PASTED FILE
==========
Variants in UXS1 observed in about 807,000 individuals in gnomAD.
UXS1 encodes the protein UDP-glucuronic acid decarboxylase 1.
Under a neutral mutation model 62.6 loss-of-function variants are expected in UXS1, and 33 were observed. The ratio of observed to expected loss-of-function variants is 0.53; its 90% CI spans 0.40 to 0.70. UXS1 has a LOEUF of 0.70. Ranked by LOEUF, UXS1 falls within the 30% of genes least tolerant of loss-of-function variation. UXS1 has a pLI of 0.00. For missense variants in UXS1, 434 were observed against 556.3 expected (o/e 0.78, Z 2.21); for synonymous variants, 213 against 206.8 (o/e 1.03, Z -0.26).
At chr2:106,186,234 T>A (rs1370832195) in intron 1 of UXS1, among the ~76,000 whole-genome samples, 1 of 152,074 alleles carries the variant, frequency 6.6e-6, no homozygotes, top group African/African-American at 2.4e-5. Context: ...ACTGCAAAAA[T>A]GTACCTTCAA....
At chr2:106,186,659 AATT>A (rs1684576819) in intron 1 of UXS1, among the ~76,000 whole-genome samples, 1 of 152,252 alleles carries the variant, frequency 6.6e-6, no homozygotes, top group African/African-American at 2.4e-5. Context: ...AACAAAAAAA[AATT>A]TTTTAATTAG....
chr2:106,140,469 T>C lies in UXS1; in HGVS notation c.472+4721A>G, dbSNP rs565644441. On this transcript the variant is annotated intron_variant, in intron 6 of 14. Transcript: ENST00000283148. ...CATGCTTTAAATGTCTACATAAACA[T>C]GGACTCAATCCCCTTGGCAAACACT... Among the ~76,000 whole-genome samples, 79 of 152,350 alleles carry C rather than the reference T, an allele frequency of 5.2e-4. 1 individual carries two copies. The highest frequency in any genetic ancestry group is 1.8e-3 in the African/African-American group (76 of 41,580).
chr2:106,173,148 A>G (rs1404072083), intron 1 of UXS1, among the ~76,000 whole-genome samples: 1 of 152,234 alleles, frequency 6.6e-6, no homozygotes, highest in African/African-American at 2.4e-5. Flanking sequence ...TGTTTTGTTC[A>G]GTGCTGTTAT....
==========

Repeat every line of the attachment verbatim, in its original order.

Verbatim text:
Variants in UXS1 observed in about 807,000 individuals in gnomAD.
UXS1 encodes the protein UDP-glucuronic acid decarboxylase 1.
Under a neutral mutation model 62.6 loss-of-function variants are expected in UXS1, and 33 were observed. The ratio of observed to expected loss-of-function variants is 0.53; its 90% CI spans 0.40 to 0.70. UXS1 has a LOEUF of 0.70. Ranked by LOEUF, UXS1 falls within the 30% of genes least tolerant of loss-of-function variation. UXS1 has a pLI of 0.00. For missense variants in UXS1, 434 were observed against 556.3 expected (o/e 0.78, Z 2.21); for synonymous variants, 213 against 206.8 (o/e 1.03, Z -0.26).
At chr2:106,186,234 T>A (rs1370832195) in intron 1 of UXS1, among the ~76,000 whole-genome samples, 1 of 152,074 alleles carries the variant, frequency 6.6e-6, no homozygotes, top group African/African-American at 2.4e-5. Context: ...ACTGCAAAAA[T>A]GTACCTTCAA....
At chr2:106,186,659 AATT>A (rs1684576819) in intron 1 of UXS1, among the ~76,000 whole-genome samples, 1 of 152,252 alleles carries the variant, frequency 6.6e-6, no homozygotes, top group African/African-American at 2.4e-5. Context: ...AACAAAAAAA[AATT>A]TTTTAATTAG....
chr2:106,140,469 T>C lies in UXS1; in HGVS notation c.472+4721A>G, dbSNP rs565644441. On this transcript the variant is annotated intron_variant, in intron 6 of 14. Transcript: ENST00000283148. ...CATGCTTTAAATGTCTACATAAACA[T>C]GGACTCAATCCCCTTGGCAAACACT... Among the ~76,000 whole-genome samples, 79 of 152,350 alleles carry C rather than the reference T, an allele frequency of 5.2e-4. 1 individual carries two copies. The highest frequency in any genetic ancestry group is 1.8e-3 in the African/African-American group (76 of 41,580).
chr2:106,173,148 A>G (rs1404072083), intron 1 of UXS1, among the ~76,000 whole-genome samples: 1 of 152,234 alleles, frequency 6.6e-6, no homozygotes, highest in African/African-American at 2.4e-5. Flanking sequence ...TGTTTTGTTC[A>G]GTGCTGTTAT....